Inside the Collegiate Division I Setting

April 1, 2024 by Lydia Hicks
Photo of ATs in their Settings, Inside the AT Settings, Collegiate Division One

Introduced in the April NATA News, this NATA Now article series provides insight into the different athletic training settings as well as information athletic training students and interested ATs need to know. The series also provides tips from members on how to succeed in each setting.

Brad Floy, PhD, LAT, ATC, athletic trainer at the University of Iowa, has been in the collegiate setting for 21 years. Floy said he has worked in college athletics throughout his athletic training career.

“I chose this route because I enjoy working with elite athletes who push me to improve myself and provide them with the best available care,” he said.

Floy provides insight into Division I athletics and what ATs need to know to succeed in this setting.

Typical Makeup of Your Population

Division I college athletes

Non-AT-Related Skills/Education/Certification Required or Helpful for Your Setting

I think everything is related to what we do. Personally, CPR/AED training has had the utmost value in my career. Emergency action planning, including mental health EAP preparation, is the first box I check when onboarding new staff and students. I’m also an anatomy nerd because if you don’t know your anatomy, then you’re not getting the most out of your application of skills.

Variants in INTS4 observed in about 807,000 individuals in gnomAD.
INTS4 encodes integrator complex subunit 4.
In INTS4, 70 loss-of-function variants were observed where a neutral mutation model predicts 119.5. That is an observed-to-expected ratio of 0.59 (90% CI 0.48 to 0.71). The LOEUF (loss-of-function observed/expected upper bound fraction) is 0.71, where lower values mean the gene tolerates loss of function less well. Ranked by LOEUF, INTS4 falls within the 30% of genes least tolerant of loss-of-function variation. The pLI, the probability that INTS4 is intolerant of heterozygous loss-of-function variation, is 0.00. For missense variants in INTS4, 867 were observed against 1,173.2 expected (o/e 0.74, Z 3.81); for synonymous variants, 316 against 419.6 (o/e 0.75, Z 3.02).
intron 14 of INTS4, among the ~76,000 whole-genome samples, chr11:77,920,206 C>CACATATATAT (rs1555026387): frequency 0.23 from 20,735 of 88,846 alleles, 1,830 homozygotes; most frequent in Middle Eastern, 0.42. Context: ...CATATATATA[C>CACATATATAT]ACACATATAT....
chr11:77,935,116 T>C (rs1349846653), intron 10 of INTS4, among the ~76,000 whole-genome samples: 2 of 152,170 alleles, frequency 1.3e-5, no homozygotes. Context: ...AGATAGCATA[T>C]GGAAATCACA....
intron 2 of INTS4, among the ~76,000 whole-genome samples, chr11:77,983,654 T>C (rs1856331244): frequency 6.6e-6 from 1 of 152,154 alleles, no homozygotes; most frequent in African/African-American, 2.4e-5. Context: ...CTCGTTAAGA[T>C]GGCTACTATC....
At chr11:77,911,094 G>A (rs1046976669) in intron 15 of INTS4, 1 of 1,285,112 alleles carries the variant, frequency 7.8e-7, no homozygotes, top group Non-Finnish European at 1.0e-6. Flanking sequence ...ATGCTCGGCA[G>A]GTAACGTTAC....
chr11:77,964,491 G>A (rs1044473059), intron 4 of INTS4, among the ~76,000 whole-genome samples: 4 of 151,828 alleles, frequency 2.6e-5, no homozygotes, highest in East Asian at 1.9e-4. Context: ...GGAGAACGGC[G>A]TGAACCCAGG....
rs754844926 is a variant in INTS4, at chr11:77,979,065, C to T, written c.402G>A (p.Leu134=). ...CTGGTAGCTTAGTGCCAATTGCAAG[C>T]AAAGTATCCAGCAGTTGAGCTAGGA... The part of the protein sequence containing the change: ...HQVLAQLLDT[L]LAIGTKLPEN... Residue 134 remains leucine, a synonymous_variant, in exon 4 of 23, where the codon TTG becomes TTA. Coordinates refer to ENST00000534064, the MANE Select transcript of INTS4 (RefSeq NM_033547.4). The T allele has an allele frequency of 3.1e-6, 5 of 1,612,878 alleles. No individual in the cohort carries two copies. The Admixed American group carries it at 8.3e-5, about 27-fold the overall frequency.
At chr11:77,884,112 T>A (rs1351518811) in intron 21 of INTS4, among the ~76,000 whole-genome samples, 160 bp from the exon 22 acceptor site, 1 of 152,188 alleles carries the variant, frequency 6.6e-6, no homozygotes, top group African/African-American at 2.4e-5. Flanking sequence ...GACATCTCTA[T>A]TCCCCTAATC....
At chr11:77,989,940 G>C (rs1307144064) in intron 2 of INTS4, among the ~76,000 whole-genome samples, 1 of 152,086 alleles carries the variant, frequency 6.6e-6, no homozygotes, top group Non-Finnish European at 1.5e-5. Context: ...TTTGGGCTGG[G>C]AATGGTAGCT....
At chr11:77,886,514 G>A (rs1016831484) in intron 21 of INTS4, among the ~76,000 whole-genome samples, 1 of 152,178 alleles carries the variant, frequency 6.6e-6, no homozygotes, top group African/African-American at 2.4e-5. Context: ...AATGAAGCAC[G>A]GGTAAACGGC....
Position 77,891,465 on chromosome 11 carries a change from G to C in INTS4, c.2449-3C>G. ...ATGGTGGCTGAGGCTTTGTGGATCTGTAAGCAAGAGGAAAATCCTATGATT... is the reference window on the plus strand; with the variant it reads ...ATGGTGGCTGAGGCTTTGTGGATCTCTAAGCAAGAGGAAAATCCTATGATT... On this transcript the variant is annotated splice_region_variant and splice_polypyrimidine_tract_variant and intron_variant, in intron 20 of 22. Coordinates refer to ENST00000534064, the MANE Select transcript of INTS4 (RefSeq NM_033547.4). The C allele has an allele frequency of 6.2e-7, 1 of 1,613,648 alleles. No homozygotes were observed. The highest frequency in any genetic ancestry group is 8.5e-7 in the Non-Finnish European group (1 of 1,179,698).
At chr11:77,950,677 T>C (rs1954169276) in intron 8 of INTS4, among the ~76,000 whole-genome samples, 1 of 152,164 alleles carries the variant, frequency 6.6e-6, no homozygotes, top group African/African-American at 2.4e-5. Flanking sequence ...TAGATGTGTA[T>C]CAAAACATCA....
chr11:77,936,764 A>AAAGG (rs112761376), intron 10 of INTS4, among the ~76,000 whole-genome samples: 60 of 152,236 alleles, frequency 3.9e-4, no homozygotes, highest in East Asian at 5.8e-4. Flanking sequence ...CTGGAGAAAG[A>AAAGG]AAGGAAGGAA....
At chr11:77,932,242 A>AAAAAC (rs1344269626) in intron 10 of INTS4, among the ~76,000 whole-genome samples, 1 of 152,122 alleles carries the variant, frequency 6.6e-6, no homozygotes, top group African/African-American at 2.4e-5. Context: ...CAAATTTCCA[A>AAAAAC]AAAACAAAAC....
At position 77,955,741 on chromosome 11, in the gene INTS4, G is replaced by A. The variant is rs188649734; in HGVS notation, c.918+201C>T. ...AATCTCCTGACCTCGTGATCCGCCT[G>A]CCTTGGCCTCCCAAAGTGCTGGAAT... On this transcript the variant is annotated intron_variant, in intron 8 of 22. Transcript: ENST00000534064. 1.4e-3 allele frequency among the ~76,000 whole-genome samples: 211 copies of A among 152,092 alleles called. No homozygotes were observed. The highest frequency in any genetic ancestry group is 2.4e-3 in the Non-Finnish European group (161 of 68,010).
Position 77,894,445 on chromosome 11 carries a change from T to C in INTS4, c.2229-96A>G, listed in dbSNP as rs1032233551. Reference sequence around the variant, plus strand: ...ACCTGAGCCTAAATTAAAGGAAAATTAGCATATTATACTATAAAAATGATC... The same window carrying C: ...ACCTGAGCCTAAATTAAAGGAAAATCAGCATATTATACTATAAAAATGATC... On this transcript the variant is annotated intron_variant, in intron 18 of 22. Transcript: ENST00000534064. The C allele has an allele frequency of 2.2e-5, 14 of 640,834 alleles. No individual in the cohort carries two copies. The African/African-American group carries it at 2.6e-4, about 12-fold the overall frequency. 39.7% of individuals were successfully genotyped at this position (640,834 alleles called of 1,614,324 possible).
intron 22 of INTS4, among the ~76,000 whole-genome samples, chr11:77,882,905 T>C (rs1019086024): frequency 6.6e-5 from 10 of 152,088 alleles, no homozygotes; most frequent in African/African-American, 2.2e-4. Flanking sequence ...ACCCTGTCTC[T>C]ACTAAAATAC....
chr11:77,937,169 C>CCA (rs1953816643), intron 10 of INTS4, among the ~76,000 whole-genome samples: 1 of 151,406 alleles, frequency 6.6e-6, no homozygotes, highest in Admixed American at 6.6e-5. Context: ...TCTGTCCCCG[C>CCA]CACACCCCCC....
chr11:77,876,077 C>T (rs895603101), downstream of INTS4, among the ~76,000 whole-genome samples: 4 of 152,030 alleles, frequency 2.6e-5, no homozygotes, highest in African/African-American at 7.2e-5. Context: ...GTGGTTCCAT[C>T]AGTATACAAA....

Common Injuries Observed or Encountered in Your Setting

Ankle sprains and mental health issues are probably where most of my time is spent. However, we see a pretty good variety of injuries in college basketball.

Traits of a Successful AT in Your Setting

Communication skills and willingness to adapt to change. The landscape of college athletics is changing drastically, and understanding how these changes affect the care we provide is a valuable skill set. 

Misconceptions About Your Setting and/or Patient Population

I think we have more control over our schedules than we might realize. We can’t usually influence practice times or game schedules. But if you communicate with your coaches, administrative staff and student athletes to set reasonable expectations, you can provide high-quality health, while maintaining work-life balance.